Australia floods kill 8, toll to rise as 70 missing
Updated: 2011-01-11 08:43
BRISBANE, Australia - Australian police have launched a major search and rescue operation after devastating flash floods killed eight people, left more than 70 missing and threatened on Tuesday to swamp the country's third-largest city.
A flash flood sweeps vehicles down a street in Toowoomba, 105 km (65 miles) west of Brisbane Jan 10, 2011. [Photo/Agencies]
The death toll from the worst flooding in the state of Queensland in half a century was expected to climb, state premier Anna Bligh told journalists, saying the situation was grim and desperate.
Four were killed in Toowoomba, a town west of Queensland state capital Brisbane, after heavy rains sent a 2-metre wall of water through streets on Monday, carrying away cars and pedestrians.
"It just picked up cars like matchbox toys," Toowoomba resident Debbie Huxley told Sky TV. "You would never have believed it unless you saw it."
TV footage showed brown floodwater gushing through the centre of Toowoomba laden with debris, as people clung to telephone poles and rooftops to survive. There are growing fears the floods could soon hit Brisbane, a city of 2 million people.
"This is going to be I think a very grim day, particularly for the people in that region, and a desperate hour here in Queensland," Bligh said on Tuesday.
"Right now we have every possible available resource deployed into this region to search for those people that we know are missing," she said.
Two women and a child were killed at Grantham, a township between Toowoomba and Brisbane. Nearby at Withcott, police said nine people were missing and the death toll was likely to rise.
"It's like an atomic bomb hit this place," Steve Jones, mayor of Lockyer, another town affected by the downpour, told the Courier Mail newspaper. "The intensity was impossible to explain."
Rivers in some areas rose more than 8 metres in an hour, catching residents and authorities completely by surprise.
Police said more than 40 people were plucked from rooftops by helicopter overnight, while helicopters and military personnel were due to begin searching for more than 70 people reported as missing in the Locker River valley.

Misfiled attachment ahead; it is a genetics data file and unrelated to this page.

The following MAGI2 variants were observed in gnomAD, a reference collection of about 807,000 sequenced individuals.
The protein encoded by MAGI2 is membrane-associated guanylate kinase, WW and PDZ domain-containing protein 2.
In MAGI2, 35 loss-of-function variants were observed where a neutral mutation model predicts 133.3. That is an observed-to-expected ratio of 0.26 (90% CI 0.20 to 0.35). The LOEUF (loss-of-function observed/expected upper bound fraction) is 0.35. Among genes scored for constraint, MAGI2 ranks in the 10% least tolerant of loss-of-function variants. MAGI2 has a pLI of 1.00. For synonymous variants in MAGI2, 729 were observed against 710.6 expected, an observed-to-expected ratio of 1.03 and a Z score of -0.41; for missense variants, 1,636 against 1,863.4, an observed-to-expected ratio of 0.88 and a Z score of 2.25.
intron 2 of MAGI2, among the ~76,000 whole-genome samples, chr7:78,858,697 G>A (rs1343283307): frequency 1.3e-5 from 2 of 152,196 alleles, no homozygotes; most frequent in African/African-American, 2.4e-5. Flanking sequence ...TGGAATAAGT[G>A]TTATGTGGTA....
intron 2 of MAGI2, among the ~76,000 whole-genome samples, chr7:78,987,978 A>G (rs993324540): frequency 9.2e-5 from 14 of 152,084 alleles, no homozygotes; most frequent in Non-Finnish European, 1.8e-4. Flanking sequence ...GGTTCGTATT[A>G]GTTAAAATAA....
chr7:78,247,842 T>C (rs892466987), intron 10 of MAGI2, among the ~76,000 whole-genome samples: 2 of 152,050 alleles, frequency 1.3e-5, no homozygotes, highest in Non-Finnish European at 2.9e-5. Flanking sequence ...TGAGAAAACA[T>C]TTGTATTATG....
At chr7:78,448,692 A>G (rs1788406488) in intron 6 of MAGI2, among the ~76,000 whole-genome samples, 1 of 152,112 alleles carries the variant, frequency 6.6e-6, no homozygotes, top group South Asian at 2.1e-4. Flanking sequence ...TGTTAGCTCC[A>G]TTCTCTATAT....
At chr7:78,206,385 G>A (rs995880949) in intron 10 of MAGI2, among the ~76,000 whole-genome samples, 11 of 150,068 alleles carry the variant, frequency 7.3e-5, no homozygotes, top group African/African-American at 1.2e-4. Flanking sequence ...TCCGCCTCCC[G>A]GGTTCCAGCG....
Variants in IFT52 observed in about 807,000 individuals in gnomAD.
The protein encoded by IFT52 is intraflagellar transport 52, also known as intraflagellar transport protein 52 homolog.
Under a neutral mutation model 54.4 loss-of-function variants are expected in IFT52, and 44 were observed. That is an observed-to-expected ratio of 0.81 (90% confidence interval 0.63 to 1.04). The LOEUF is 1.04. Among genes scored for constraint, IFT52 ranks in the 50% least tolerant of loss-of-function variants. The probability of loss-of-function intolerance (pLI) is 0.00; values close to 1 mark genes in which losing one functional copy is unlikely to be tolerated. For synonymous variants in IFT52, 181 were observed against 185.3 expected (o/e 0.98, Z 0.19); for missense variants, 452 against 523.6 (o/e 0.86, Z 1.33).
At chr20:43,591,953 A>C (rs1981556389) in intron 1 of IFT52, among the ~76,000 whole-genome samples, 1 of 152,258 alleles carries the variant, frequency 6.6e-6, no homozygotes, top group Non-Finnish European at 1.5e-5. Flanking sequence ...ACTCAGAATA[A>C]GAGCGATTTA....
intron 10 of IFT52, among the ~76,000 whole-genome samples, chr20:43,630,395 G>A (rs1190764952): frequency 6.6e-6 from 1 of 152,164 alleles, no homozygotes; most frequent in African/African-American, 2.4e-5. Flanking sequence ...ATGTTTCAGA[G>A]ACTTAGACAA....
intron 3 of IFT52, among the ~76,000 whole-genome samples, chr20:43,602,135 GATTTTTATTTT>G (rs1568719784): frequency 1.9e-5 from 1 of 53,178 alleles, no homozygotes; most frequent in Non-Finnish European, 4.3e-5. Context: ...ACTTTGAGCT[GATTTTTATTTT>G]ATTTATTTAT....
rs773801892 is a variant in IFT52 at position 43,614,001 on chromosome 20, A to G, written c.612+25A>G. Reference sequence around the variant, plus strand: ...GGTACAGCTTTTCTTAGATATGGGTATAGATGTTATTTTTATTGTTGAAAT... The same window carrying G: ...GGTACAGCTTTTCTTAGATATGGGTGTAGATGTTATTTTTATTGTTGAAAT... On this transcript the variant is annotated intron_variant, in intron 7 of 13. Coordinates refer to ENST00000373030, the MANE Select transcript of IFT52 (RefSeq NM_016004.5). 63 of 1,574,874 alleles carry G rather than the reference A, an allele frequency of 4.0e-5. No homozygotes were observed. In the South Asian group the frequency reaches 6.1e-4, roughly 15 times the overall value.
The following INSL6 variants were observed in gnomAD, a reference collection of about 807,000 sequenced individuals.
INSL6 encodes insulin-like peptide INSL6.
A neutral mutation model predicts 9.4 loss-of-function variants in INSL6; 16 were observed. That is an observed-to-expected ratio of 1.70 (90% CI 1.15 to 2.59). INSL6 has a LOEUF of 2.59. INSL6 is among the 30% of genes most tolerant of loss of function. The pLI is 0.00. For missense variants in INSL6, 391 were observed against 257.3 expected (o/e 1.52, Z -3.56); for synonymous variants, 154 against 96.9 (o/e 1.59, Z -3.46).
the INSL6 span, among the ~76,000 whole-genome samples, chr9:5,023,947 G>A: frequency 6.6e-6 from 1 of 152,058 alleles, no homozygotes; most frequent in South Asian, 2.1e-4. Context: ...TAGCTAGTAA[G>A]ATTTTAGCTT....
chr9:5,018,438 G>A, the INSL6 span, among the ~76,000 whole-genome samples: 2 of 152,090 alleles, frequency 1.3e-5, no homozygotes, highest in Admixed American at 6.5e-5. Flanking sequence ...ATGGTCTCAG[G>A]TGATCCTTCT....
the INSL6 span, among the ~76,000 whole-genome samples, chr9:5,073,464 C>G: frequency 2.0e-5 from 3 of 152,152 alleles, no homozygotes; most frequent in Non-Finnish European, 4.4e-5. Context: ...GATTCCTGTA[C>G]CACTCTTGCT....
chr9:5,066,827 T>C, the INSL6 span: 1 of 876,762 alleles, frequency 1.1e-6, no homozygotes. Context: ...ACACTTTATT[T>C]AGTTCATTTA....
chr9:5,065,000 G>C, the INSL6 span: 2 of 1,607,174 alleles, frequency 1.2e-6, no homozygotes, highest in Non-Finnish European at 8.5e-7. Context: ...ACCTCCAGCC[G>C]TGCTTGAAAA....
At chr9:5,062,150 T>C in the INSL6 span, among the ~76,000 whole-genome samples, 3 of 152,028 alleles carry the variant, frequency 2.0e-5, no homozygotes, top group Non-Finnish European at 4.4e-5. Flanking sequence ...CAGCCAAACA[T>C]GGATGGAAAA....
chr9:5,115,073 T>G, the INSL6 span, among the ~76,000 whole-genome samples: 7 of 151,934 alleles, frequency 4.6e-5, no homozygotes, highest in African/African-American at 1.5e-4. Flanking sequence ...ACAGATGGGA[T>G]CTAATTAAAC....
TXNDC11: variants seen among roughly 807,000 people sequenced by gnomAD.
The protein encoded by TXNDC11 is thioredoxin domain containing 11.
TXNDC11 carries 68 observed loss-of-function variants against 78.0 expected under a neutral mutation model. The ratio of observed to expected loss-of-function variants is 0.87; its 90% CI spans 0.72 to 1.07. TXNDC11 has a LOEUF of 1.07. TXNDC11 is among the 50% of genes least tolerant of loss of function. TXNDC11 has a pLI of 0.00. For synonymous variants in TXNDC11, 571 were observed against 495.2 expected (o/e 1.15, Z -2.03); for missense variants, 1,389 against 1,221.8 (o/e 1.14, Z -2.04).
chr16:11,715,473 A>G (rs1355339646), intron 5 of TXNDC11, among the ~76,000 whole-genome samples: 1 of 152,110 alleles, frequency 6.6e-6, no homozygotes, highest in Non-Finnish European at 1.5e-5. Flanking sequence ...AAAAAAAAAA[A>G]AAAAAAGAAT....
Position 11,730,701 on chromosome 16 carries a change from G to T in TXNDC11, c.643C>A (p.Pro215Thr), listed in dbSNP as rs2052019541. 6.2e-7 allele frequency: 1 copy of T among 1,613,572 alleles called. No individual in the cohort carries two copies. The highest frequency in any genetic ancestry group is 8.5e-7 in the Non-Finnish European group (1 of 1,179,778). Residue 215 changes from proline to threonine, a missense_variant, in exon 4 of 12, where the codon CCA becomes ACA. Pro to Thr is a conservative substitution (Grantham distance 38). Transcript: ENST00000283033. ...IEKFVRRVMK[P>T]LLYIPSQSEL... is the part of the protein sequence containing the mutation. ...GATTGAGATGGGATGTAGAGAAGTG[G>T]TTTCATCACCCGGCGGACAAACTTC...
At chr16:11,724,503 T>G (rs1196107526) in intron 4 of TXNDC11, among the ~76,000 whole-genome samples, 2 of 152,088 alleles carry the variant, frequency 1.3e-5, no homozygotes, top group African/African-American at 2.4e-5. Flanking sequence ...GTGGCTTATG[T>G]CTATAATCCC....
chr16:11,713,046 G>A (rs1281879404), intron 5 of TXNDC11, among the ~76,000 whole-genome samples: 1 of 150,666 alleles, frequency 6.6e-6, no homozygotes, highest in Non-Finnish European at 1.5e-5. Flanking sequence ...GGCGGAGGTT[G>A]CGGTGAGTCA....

Damage caused by floods in Queensland that started after heavy rains before Christmas could reach $6 billion, economists say, after destroying homes, roads and rail lines, as well a paralysing the state's key coal mining sector.
"I personally believe it will get worse today," Queensland Disaster Coordinator Deputy Commissioner Ian Stewart told Australian television.
Blight said a major incident room had been set up in Brisbane to coordinate a rescue operation.
Worst Queensland floods in 50 years
The worst floods in the state in 50 years have at times covered an area the size of France and Germany combined. At least 12 people have been killed, while dozens of towns have been isolated or partly submerged, with more rains expected.
Flooding was expected to reach Brisbane, where hundreds of homes and businesses in 32 suburbs along the swollen Brisbane River and further west were under threat.
Authorities have made sandbags available for residents after some experts described conditions as similar to those when the city was hit by deadly floods in 1974.
The floods have also paralysed operations that produce 35 percent of Australia's estimated 259 million tonnes of exportable coal. Australia contributes two-thirds of world exports of steelmaking raw material coking coal.
Coal seam gas drilling in the Surat Basin, a big source of gas for an estimated $200 billion in proposed liquefied natural gas projects, was halted on Monday by flooding.
Global miners Anglo American, Rio Tinto, Xstrata and BHP Billiton, have been hit by the floods, and all have made force majeure declarations, which release firms from delivery commitments.
Flooding has begun to recede in the main Bowen Basin coal region, but many mines remain flooded and will take weeks to drain and resume full production. While some rail links between mines and the ports have been opened, others are under water.
Coal stocks were running low at the key coal port of Dalrymple Bay, but it was receiving enough to keep loading ships, while the port of Gladstone said it could be days to weeks before it starts getting coal supplies back to normal.
President Hu Jintao is on a state visit to the US from Jan 18 to 21.
The discovery of the fossile of a female pterosaur nicknamed as Mrs T and her un-laid egg are shedding new light on ancient mysteries.
China's GDP growth jumped 10.3 percent year-on-year in 2010, boosted by a faster-than-expected 9.8 percent expansion in the fourth quarter.